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Version: v2 ⚡

Discovering APIs to inform your workflow automation design

This article explains how to analyze API documentation and draft a technical workflow diagram.

What is an API?

APIs tell applications how to communicate. An API is the “messenger” that:

  1. Tells you how to form a request,
  2. Delivers your request to the provider that you’re requesting it from, and then
  3. Delivers the response back to you

OpenFn connects with APIs via http requests sent via the web. OpenFn can automate any tasks supported by the APIs of the applications it integrates with (e.g., if an app’s API supports sending payments, then OpenFn can automate sending payments).

How to analyze API documentation

In the beginning of the design process, you should explore the target system’s API documentation to determine the options for integration.

Determine integration options

Consider these questions to determine your integration options–even if an API is not available. :

  1. Is there a RESTful API?
    • If yes, OpenFn can connect out-of-box! REST API is the gold standard for most modern web apps, and typically supports JSON data format.
  2. Is there a webhook?
    • Most mobile data collection apps offer this feature. Some call it “data forwarding”, “web callback”, or “HTTP push API”.
    • Webhooks automatically send messages or notifications when something happens (e.g., when a new form is submitted, notify external services like OpenFn). These event-based notifications enable real-time data integration or automated actions.
  3. Otherwise, what are other options for importing/exporting data from the target applications?
    • Can you connect directly to a database?
    • Is there a way to import/export files? (JSON, CSV, XLS, or XML)
    • Is there a legacy API (e.g., SOAP) that we can communicate with via HTTP requests?

OpenFn can connect any app, even if an API is not supported. See the “Adaptors” section to learn more.


API documentation will typically have a section dedicated to authentication options. Look for this to discover which authentication methods are supported, and whether configuration work will be required to set up a new user or API credential.

Consider that authentication methods that leverage API Keys or OAuth are typically more secure than basic authentication (username/password).


As early as possible, request an API credential from the system administrator of the app you’re trying to integrate with. This way, you can test authentication with a developer/test environment to verify that you’re able to connect.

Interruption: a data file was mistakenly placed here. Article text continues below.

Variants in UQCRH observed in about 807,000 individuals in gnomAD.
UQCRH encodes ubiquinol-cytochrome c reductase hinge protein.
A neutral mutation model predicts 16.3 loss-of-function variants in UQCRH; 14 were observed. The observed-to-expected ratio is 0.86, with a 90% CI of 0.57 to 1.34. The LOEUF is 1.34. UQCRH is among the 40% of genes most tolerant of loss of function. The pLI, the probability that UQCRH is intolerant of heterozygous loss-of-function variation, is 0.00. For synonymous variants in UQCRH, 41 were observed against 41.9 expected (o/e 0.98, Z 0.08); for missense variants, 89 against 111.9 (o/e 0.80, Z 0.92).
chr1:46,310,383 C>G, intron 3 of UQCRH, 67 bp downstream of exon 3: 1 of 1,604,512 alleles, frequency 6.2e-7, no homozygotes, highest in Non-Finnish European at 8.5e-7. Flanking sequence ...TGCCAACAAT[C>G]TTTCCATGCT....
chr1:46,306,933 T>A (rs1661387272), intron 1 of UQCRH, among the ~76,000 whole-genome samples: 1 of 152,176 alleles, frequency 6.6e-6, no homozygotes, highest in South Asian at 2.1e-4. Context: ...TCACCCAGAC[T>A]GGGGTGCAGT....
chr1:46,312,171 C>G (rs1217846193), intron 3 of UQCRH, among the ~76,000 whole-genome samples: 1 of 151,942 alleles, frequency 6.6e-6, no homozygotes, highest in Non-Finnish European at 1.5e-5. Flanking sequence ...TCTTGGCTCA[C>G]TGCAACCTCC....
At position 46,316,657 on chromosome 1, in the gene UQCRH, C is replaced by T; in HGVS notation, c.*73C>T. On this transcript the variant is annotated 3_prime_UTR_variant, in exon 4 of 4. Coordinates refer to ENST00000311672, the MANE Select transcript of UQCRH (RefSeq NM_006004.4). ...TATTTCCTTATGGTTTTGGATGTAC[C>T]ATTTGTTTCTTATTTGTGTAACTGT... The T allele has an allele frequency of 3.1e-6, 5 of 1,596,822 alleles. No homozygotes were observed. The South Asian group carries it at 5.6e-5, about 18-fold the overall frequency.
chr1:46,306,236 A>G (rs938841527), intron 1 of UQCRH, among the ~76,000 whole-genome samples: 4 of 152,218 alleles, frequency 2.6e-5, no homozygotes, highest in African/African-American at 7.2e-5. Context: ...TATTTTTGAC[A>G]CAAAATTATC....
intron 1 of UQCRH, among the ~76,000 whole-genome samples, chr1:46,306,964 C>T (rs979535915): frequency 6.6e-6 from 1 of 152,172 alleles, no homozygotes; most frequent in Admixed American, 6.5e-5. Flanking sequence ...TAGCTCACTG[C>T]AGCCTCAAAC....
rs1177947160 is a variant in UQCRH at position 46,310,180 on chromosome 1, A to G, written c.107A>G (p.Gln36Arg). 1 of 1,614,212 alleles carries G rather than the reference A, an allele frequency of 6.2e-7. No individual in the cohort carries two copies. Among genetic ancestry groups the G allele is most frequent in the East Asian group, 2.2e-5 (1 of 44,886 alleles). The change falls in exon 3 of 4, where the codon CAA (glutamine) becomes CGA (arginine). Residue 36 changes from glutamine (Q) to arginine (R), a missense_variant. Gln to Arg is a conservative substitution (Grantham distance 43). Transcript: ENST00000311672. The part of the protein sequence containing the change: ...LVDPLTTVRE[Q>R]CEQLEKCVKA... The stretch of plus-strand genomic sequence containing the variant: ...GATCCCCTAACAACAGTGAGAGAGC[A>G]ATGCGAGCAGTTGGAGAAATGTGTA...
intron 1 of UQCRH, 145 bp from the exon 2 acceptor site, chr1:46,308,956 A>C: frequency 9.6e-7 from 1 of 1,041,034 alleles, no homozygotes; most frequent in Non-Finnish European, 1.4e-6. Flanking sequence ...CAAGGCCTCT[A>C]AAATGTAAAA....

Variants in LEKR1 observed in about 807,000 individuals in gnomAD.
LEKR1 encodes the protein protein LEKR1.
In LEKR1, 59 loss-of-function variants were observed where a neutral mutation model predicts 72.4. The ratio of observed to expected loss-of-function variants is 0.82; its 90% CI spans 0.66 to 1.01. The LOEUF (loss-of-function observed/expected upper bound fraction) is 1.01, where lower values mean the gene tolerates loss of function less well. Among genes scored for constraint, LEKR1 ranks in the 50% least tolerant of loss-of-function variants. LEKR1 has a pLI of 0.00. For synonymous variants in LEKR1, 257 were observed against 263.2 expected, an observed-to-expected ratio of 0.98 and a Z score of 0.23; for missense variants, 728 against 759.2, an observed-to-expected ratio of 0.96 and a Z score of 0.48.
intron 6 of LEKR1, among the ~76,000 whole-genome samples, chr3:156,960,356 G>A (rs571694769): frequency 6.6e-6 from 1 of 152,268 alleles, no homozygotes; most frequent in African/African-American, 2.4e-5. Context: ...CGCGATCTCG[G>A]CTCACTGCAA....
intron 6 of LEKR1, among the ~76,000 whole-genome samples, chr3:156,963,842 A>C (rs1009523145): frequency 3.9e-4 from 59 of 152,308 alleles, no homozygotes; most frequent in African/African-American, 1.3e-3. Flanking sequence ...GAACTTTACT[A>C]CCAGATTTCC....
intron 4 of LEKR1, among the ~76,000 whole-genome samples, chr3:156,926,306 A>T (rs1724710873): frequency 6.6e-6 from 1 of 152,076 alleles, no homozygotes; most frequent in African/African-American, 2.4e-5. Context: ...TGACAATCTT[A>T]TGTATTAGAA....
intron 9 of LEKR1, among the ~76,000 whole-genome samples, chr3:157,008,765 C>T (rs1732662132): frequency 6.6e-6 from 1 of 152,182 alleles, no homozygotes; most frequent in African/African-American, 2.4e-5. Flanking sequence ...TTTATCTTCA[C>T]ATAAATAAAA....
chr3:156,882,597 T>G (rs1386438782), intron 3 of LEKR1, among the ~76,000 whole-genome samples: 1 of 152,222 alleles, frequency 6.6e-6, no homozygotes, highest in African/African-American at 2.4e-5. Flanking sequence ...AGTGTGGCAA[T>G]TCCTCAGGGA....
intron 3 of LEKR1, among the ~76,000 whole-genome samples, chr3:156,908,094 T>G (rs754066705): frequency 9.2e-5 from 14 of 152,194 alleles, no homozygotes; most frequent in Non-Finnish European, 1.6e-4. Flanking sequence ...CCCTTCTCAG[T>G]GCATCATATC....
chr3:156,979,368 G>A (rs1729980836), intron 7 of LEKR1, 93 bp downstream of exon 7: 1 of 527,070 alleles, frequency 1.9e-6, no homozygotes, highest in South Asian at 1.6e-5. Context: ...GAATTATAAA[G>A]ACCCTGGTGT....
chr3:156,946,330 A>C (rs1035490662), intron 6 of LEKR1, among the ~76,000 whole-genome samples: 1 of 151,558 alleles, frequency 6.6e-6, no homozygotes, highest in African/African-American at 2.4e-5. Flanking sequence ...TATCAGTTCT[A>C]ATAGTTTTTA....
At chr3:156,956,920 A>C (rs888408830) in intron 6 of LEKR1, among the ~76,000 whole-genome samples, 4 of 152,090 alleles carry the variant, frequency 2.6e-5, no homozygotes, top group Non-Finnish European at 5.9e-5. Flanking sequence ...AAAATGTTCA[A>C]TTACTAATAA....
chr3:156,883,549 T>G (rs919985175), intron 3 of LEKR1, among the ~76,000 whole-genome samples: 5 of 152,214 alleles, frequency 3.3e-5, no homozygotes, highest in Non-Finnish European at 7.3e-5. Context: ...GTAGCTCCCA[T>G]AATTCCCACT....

API Endpoints

Analyze the documentation to see which resources/entities and features are supported by the API. For example, if you want to register Patient records via the API, search for reference to the “/patients” endpoint (or whatever this resource is called in your target application).

This section of the documentation will include an overview of which HTTP request methods (i.e., POST, GET, etc.) and request parameters are supported, as well as example HTTP requests you can send to the API.

HTTP request methods will inform you which operations are supported by the API.

  1. Create → POST
  2. Read → GET
  3. Update → PUT or PATCH
  4. Delete → DELETE

For example, if you want to query Patient records from an app, see if the API documentation supports GET ‘/patients’.


Be on the lookout for API limits. Documentation will often have a dedicated section that will describe if there are any limits or considerations for API requests and rates, concurrency, and record limits. Understanding these limits upfront can inform your integration design to ensure high-performing, scalable automation.

Technical Workflow Diagramming

The output of API discovery should be a “technical” workflow diagram. This diagram is different from the functional workflow diagram produced during “Discovery” in that it captures the technical specifications for how to integrate with target applications. These specifications include the specific methods/operations (e.g., GET, POST) and the database/API names of the target resources (i.e., specific API endpoints or database tables).


When drafting your technical specifications, consider the following:

  1. Plan for failure. Your workflows will fail. Consider what happens when they do…
    • Should individuals be notified?
    • How can the workflow be re-processed safely?
    • How to ensure no duplicate data is created?
  2. Where possible, use unique identifiers to build idempotent automation. Check for existing records in the target system using an available unique identifier:
    • System record UUIDs (e.g., record_id: asjd2910-b8zy1s0a),
    • Unique codes (e.g., HOUSEHOLD-10013) and
    • Unique combination of attributes (e.g., familyName + phoneNumber + village + districtCode)
  3. If the target system does not have native “upsert” operation or built-in duplicate-checking before insert, implement an upsert (“update or insert”) pattern to…
    • Check if a record exists using a unique identifier…
    • If yes, update the record.
    • If not, insert a new record.
  4. Don’t forget to consider data volumes. Depending on whether you need to handle 1, 10000, or 1M+ records, your workflow approach may need change.
    • Estimate the file size of the data to be extracted
    • Consider API limits (records returned per page, request rate limits)
    • Consider bulk operations & batching requests

Check out the technical workflow diagram below for syncing forms submissions from KoboToolBox to DHIS2. The original functional diagram can be found here.